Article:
L’Angoisse d’Abraham

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Some books turn you upside down, and upon turning the last page, you already know that their effect on you will be deep and lasting. L’Angoisse d’Abraham (The Anxiety of Abraham) is one of them. In this elegant and intelligent narrative, Rosie Pinhas Delpuech looks back on the encounters, books and random events that have urged her to travel the world from East to West, from Istanbul to Paris, by way of Tel Aviv. L’Angoisse d’Abraham also tells the story of Rosie’s friendship with Jacy, whom she met in high school and with whom she started a conversation that would last throughout the course of Jacy’s too-short life.
First and foremost, L’Angoisse d’Abraham is all about travels — geographical, as well as literary and metaphysical.

After her high school graduation, Rosie leaves her natal Istanbul with Jacy on board the mythical Orient Express en route to France, a country that she has always pictured as an “imaginary homeland of the homeless, an utopist horizon.”  However, her high expectations were only met with disappointment, as she starts working as a supervisor in a catholic private school in Grenoble.
Only later on will the country of Enlightenment appear to her, when moving to Paris to study at the legendary liberal University of Nanterre (Paris). There, she finds herself in the company of Paul Ricoeur and Emmanuel Levinas, and recognizes the homeland of Gustave Flaubert, Charles Baudelaire, Jean-Paul Sartre, Marguerite Duras, Boris Vian and Mouloudji.

Then, she packs her bags for a kibbutz in Israel, and falls in love with its population of resilient, utopian and courageous migrants, and its dry, fierce, yet bewildering earth.
The richness of the Hebrew language, which she begins learning there, mirrors her own existential and philosophical questioning.
Her return to Paris is painful and complicated. She is faced with endless formalities and applications to fill, applications that leave her with the impression that there is no place for her anywhere. Everything around her feels grey, cold, and sad. She misses the sun and the Israeli society, its open space, and the unique feeling of being part of a history in the making. She holds on to her books like a drowning man to his lifepreserver.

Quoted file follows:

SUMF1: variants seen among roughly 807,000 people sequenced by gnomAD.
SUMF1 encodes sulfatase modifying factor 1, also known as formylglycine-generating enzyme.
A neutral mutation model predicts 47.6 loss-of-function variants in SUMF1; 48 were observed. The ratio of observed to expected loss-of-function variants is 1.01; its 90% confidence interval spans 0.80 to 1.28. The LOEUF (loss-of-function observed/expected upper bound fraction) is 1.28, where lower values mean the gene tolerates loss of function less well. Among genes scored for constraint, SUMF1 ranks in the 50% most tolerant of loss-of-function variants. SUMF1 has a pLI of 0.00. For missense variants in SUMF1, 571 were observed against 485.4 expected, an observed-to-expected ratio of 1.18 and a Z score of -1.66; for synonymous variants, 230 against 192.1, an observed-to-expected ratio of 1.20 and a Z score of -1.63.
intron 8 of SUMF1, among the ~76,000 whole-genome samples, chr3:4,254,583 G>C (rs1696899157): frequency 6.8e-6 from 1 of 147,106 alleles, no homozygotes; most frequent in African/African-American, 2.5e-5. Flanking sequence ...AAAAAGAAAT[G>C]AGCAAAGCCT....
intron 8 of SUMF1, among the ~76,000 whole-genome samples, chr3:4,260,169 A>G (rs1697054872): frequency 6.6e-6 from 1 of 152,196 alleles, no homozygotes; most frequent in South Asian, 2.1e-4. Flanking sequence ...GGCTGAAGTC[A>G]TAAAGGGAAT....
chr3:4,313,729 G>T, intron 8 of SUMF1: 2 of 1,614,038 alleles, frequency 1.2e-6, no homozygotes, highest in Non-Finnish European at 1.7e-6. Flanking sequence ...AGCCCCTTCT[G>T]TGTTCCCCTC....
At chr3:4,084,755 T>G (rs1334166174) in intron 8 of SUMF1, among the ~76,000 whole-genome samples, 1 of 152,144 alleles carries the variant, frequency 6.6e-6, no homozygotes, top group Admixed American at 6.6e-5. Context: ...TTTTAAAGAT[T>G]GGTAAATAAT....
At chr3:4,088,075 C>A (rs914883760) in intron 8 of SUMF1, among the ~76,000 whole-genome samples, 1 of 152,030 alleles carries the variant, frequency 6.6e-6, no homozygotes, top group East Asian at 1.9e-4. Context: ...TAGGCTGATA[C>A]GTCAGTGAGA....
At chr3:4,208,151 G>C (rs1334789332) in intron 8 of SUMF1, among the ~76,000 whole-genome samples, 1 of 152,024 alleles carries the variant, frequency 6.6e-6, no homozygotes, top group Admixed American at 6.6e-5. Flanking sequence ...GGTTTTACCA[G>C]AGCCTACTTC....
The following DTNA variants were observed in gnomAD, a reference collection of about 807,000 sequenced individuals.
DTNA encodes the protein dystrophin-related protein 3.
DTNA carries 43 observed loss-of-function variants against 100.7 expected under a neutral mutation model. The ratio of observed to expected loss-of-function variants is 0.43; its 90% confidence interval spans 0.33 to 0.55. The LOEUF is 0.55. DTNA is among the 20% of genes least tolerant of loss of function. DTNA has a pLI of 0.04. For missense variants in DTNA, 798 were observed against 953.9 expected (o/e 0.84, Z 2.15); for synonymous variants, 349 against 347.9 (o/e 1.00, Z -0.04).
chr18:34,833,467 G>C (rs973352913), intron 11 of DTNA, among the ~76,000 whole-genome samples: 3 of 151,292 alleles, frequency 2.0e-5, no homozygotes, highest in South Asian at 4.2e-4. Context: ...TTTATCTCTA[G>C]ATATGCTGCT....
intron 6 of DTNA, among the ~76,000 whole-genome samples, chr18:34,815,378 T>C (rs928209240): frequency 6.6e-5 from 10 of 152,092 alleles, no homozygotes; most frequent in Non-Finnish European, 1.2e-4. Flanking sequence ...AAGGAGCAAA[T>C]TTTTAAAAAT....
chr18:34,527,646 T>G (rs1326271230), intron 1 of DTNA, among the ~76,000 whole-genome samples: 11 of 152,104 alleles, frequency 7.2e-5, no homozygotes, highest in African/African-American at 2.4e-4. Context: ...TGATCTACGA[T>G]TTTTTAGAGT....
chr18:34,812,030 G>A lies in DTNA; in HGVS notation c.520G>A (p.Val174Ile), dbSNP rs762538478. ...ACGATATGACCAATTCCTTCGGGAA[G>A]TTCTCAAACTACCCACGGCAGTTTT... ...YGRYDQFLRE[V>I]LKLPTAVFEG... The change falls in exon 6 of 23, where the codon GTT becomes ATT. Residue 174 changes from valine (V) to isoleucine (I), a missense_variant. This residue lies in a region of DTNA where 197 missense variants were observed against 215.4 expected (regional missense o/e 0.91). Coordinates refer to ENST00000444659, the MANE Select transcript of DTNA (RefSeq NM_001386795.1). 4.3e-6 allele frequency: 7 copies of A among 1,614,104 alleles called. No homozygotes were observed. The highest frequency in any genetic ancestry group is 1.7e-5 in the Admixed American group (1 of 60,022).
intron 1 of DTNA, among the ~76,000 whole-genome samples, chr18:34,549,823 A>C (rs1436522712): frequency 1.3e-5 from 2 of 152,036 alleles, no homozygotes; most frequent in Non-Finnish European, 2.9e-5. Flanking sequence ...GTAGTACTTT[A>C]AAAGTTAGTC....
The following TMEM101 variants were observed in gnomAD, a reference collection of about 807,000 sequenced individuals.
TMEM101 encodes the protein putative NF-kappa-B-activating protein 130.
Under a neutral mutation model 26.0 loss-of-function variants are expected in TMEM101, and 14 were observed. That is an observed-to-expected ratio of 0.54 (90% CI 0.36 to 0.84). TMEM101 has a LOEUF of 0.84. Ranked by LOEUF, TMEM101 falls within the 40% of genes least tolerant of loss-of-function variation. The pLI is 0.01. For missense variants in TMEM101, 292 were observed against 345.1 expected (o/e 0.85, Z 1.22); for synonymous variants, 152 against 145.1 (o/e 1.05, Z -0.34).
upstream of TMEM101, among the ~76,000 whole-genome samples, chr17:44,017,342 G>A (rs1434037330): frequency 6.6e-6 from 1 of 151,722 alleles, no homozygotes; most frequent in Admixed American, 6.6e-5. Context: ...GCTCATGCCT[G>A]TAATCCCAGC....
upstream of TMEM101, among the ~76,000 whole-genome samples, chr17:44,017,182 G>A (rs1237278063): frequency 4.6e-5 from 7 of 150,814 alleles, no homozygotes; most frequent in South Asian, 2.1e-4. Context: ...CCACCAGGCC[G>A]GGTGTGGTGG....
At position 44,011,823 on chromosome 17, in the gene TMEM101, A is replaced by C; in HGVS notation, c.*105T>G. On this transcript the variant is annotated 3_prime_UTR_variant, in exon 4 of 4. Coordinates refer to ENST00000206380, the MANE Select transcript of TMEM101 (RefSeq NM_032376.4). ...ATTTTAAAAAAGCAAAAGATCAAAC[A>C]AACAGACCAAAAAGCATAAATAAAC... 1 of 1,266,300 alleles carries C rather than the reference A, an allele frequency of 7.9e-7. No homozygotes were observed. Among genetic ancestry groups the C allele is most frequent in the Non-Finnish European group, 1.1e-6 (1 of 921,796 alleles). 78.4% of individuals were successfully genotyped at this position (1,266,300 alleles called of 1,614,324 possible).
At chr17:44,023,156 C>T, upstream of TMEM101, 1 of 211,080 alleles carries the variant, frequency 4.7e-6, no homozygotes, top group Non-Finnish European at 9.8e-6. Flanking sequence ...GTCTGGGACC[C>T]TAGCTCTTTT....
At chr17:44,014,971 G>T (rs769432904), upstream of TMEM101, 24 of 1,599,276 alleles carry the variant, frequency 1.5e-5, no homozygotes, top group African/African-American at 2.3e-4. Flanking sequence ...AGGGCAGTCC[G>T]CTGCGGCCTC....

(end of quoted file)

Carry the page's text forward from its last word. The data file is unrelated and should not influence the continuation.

It is among her favorite texts that Rosie Pinhas Delpuech finds a place to breathe, to live and write, in between the French and Hebrew languages. She starts translating her favorite Hebrew writers into French, and today, the list of her accomplishment would definitely earn her a nobel prize provided that there were one for translation. Thanks to her passion, Yacob Shabtai, Yehoshua Kenaz, Orly Castel Bloom, Itzkak Orpaz, Ronit Matalon, Etgar Keret became acessible to French readers.

The last part of this memoir is devoted to the story of Abraham:
“The Anxiety of Abraham at sunset that evening, the stupor that befalls on him, huge and dark, is the mark of the long succession of exiles and wanderings that await his descendants, the very small group of Jewish people, in as much as it represents mankind, and its story reflects our common history.”

L’Angoisse d’Abraham is that rare text that questions our relationship with languages, history, and otherness. There is a place for it on your shelves near Sebald’s The Emigrants, and Annie Ernaux’s Les Années.

L’Angoisse d’Abraham, by Rosie Pinhas Delpuech, Actes Sud.

 Rosie Pinhas Delpuech is the author of Insomnia, une traduction nocturne (Actes Sud, ‘un endroit où aller’, 1998), Suite byzantine (Bleu autour, 2003), and Anna – Une histoire française (Bleu autour, 2007). She heads the collection Lettres Hebraiques at Actes Sud, and translates some of the greatest Hebrew writers into French.

After almost two decades of working in publishing, and a few round trips between Paris and New York, Miriam has decided to settle down at Albertine to do what she enjoys most: recommending books she loves. Somehow this also includes taking bizarre pictures for Albertine's social media outlets.
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